Review: Nintendo SNES Classic Edition
For me, and for millions of others, the SNES came at a formative moment in our lives and gaming careers. Which means I’m hopelessly biased in my review of the SNES Classic, the $80 console from Nintendo that will hit (and immediately fly off) store shelves this weekend. This is in no way a modern console, and it never tries to be one. It’s instead an indulgence in nostalgia, an $80 way to undo all the psychological damage inflicted when your parents tossed your SNES without even consulting you. It feels like home.
Over the last week, I’ve been knee-deep in Street Fighter II, Star Fox, Super Mario World, and most of the rest of the SNES Classic’s 21 included games. Some of the games hold up shockingly well; others are an eye-opening reminder of how far we’ve come, and how good that is. In general, the console’s a bit of an odd beast. It’s a largely faithful recreation of the original, but Nintendo missed a few easy chances to modernize. Ultimately, I have some quibbles, but I also have Donkey Kong Country. So I can’t really complain.
The Rights and Wrongs of Retro
The SNES Classic looks almost exactly like the SNES, only this one is smaller. Much smaller. The two included controllers take up more space. It’s the size of a paperback book, not the giant coffee-table tome that was the old console. Otherwise it’s identical: the same gray color, the same two sliding purple buttons for Power and Reset, the same Eject button for popping out the cartridge so you can blow on it.
Except, wait. There are no cartridges with the SNES Classic, all the games are built in. So why is there an Eject button? You try it and you realize, it doesn’t even do anything. It’s just there. And then you try to plug in the controllers, and you realize the ports are just etchings. You have to open up a flimsy little door and plug in there.
Nintendo SNES Classic Edition
21 amazing games built in. Just holding the controller takes you back 25 years. Nintendo made smart decisions about how to display, save, and switch games.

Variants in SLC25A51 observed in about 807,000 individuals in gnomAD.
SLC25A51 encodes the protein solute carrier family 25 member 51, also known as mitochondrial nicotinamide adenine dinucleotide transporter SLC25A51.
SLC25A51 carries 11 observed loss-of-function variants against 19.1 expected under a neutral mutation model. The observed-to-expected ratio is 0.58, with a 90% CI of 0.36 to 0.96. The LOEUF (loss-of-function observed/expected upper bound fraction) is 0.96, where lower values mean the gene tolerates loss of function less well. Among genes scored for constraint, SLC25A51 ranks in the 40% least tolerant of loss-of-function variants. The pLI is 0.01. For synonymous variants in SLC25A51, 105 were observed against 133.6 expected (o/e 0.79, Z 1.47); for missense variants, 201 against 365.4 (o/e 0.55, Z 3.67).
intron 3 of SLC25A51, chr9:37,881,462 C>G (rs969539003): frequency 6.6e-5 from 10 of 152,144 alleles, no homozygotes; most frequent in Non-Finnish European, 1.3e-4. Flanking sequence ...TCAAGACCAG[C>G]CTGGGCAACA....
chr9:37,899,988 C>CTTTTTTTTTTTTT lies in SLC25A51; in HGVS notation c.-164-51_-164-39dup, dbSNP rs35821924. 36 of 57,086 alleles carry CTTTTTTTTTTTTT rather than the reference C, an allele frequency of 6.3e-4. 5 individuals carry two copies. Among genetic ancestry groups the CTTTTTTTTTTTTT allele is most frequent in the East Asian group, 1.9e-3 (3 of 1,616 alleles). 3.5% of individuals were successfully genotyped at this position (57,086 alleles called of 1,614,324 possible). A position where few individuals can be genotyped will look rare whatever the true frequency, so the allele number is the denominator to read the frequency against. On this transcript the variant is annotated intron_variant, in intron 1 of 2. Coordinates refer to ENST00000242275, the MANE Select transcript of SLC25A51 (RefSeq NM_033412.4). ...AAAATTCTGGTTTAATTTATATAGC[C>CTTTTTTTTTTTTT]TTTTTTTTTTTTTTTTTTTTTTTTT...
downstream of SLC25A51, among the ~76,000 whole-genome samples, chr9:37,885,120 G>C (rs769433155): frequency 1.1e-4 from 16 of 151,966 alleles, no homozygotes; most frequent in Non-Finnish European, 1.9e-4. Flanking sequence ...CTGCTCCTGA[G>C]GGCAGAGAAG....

Controller cords aren’t retro, they’re annoying. So is getting up every time you want to switch games.
So many design decisions about the SNES Classic were made with a slavish devotion to a ’90s aesthetic, in service of evoking that feeling of the original console. Mostly that’s the right thing to do. And Nintendo did add a few clever upgrades. The SNES Classic plugs into your TV via HDMI, and gets power through a Micro USB cable—you can even power it with your laptop. In fact, Nintendo made just enough changes that I wish it had made a few more.
Nintendo rightly didn’t touch the games, but I wish everything else had been up for discussion. By attaching the controllers to a 4.5-foot cable (mercifully longer than the NES Classic but even shorter than the original SNES) rather than making them wireless, Nintendo’s asking you to sit cross-legged on the floor in front of your television like you did in the old days, even though sitting that close to your 65-inch 4K TV won’t give you anything but a headache. Those controllers also ought to have a Home button on them, rather than forcing you to get up and press Reset every time you want to switch games. I can’t imagine any of these changes would have made my experience less nostalgic or enjoyable. I miss Kirby’s Dream Course, not wired controllers.